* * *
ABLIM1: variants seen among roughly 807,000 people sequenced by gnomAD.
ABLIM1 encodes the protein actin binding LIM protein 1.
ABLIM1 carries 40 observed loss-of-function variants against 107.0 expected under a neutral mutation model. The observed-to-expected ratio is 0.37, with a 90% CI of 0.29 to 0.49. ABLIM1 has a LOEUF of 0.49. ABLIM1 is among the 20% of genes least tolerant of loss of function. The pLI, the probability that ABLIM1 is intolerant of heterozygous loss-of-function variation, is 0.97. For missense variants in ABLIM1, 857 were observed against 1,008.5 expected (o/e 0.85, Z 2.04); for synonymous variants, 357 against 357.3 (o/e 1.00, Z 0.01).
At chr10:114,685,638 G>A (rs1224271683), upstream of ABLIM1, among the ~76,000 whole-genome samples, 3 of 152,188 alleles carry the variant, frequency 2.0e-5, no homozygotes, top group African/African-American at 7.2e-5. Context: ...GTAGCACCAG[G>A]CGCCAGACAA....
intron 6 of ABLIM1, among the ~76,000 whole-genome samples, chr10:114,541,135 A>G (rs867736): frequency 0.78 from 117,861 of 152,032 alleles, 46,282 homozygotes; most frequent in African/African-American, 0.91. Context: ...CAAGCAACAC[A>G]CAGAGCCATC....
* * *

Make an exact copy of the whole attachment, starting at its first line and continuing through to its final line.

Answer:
ABLIM1: variants seen among roughly 807,000 people sequenced by gnomAD.
ABLIM1 encodes the protein actin binding LIM protein 1.
ABLIM1 carries 40 observed loss-of-function variants against 107.0 expected under a neutral mutation model. The observed-to-expected ratio is 0.37, with a 90% CI of 0.29 to 0.49. ABLIM1 has a LOEUF of 0.49. ABLIM1 is among the 20% of genes least tolerant of loss of function. The pLI, the probability that ABLIM1 is intolerant of heterozygous loss-of-function variation, is 0.97. For missense variants in ABLIM1, 857 were observed against 1,008.5 expected (o/e 0.85, Z 2.04); for synonymous variants, 357 against 357.3 (o/e 1.00, Z 0.01).
At chr10:114,685,638 G>A (rs1224271683), upstream of ABLIM1, among the ~76,000 whole-genome samples, 3 of 152,188 alleles carry the variant, frequency 2.0e-5, no homozygotes, top group African/African-American at 7.2e-5. Context: ...GTAGCACCAG[G>A]CGCCAGACAA....
intron 6 of ABLIM1, among the ~76,000 whole-genome samples, chr10:114,541,135 A>G (rs867736): frequency 0.78 from 117,861 of 152,032 alleles, 46,282 homozygotes; most frequent in African/African-American, 0.91. Context: ...CAAGCAACAC[A>G]CAGAGCCATC....